Two IED (improvised explosive devices) blasts in the western countryside of Aleppo and the northern countryside of Idlib on the evening of December 6th prove violence is still unravelling the rebel-held enclave, a war monitor’s report said on December 7th. The Britain-based Observatory for Human Rights said the sound of the two explosions was a result of two IED-laden car bombs which detonated separately in Idlib’s Atarib area and in Maarrat Al-Nu’manin city. At least 2 children were injured in the attacks, with some conflicting reports claiming that the explosions were caused by a hand grenade. Another two young men were killed in a drive-by shooting by unidentified gunmen, the Observatory’s report added.
Overlooking ongoing violence, Turkey, which backs the Syrian rebels in Idlib, claimed that the ceasefire deal it brokered in September with Russia, a regime ally, prevented an all-out Syrian assault on Idlib and averted a humanitarian crisis. According to the deal, Turkey acts as a guarantor for “radical-minded” groups withdrawing from a 15-to-20km-long demilitarised buffer zone around the Idlib enclave and heavy weapons held by Syrian rebels would be handed over by October 20th. Russian and Turkish forces would patrol the buffer zone, the agreement stated.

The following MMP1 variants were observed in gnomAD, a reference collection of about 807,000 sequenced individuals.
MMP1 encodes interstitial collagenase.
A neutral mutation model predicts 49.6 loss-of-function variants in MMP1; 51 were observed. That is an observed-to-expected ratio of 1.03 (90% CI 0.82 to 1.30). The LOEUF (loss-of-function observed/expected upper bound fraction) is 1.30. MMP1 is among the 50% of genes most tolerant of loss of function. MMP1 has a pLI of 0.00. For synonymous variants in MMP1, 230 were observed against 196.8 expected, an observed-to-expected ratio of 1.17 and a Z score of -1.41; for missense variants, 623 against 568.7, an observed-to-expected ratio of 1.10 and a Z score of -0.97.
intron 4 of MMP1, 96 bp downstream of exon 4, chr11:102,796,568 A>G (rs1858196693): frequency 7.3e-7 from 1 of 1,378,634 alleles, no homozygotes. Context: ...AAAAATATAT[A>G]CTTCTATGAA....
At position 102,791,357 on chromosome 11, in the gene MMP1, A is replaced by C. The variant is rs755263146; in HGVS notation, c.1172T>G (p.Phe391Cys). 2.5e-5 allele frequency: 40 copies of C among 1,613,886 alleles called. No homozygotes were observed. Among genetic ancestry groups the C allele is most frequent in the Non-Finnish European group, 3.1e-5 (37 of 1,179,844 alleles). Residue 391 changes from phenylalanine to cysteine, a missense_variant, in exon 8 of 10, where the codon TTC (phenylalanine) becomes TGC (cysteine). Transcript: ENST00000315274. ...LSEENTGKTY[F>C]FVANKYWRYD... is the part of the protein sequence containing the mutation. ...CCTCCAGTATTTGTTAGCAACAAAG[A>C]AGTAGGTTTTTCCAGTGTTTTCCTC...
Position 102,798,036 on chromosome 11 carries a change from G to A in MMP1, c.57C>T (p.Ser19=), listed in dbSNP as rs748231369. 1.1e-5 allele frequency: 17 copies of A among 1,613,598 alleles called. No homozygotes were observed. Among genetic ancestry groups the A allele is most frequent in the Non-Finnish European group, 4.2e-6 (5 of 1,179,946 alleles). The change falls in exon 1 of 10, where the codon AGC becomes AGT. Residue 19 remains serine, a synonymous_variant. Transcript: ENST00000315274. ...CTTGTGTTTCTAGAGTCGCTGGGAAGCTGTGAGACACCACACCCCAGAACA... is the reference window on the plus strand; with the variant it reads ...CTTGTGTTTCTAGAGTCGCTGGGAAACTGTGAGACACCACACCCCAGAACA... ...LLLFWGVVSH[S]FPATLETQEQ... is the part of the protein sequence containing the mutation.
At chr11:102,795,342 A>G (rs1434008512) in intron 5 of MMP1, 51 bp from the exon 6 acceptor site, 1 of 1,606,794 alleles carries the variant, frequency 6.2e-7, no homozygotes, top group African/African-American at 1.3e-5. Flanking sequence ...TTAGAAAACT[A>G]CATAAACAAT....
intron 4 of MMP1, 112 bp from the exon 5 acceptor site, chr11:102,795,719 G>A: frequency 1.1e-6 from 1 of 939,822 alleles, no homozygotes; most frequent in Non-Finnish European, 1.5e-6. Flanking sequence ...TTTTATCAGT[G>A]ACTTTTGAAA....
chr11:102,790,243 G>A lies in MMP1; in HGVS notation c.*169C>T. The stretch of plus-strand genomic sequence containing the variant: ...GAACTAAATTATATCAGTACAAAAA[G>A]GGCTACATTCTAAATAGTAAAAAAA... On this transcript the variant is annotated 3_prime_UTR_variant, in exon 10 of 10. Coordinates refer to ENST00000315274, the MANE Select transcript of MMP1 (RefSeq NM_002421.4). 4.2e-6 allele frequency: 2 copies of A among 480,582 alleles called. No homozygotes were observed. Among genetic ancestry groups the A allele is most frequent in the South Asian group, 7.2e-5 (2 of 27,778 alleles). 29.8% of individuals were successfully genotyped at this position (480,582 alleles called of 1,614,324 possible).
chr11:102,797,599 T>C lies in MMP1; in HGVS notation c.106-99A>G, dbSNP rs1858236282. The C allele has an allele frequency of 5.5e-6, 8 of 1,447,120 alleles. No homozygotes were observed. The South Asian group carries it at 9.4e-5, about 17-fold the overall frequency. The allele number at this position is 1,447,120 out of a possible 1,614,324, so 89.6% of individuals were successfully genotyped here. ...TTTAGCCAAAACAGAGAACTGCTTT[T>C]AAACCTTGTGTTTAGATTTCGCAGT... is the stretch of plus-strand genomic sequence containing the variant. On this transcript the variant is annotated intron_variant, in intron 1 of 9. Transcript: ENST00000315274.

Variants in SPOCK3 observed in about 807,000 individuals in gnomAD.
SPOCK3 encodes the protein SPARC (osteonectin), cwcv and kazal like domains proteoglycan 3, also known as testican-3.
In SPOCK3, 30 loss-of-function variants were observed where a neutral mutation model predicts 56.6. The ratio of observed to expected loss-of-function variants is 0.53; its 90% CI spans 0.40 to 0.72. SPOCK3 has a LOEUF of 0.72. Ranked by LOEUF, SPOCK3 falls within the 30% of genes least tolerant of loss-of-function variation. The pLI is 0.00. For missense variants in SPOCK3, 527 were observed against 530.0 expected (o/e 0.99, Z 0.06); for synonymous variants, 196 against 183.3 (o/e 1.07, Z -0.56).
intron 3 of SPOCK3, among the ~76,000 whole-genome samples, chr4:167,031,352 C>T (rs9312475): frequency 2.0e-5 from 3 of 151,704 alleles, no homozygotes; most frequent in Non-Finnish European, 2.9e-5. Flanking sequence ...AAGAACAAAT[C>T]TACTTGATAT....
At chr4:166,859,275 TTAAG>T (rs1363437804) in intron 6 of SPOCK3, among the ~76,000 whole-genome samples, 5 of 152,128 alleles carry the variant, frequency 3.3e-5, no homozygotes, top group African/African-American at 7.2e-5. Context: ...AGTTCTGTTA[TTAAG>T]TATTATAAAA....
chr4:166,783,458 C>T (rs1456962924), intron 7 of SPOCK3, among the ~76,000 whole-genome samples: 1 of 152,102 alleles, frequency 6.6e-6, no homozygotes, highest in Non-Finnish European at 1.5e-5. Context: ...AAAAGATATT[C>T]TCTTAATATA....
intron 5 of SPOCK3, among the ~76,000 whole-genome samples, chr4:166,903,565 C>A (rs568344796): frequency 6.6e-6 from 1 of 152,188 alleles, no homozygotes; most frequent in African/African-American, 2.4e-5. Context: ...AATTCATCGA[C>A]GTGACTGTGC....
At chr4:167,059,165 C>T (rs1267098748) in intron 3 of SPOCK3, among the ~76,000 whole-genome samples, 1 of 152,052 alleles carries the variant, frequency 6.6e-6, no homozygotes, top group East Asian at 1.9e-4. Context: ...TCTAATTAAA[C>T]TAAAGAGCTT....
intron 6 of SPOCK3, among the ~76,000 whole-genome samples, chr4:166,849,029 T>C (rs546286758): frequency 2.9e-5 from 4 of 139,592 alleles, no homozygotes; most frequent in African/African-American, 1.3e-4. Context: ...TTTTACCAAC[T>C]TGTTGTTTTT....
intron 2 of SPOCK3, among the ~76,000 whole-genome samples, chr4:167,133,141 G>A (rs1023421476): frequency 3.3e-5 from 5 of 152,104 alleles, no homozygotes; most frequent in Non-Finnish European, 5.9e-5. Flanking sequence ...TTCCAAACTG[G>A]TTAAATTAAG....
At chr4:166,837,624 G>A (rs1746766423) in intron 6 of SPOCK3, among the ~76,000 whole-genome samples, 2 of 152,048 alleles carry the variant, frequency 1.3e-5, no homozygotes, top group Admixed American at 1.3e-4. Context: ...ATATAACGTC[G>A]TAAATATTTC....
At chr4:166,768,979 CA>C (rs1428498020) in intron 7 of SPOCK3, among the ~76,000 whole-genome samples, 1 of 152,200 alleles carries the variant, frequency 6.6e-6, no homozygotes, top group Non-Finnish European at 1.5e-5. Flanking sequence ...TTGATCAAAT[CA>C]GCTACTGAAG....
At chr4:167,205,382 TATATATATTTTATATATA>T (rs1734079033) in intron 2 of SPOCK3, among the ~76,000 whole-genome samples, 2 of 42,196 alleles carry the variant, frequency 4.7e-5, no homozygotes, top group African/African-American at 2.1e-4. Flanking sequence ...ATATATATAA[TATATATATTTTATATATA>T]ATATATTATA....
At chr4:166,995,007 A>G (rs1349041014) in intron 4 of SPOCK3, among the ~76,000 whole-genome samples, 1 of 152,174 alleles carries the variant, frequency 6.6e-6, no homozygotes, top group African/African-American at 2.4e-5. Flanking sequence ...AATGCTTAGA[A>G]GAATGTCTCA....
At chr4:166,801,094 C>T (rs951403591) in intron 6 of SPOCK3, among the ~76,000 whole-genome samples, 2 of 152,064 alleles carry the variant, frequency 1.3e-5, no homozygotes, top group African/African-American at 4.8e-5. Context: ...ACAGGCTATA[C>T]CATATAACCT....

However, since the deadline passed, the Russians have been complaining that the Turkey-backed militant groups are still in the demilitarised zone and in violation of the arrangement. Further undermining an already fragile agreement, Ankara accuses the Russian-backed Syrian regime of trying to provoke an escalation in Idlib.
As reported by the Observatory, Idlib radicals with “experienced cells” practise frequent kidnapping, theft and murder, adding that 404 deaths have been reported in the countryside of Idlib, Aleppo, and Hama, since April 26th.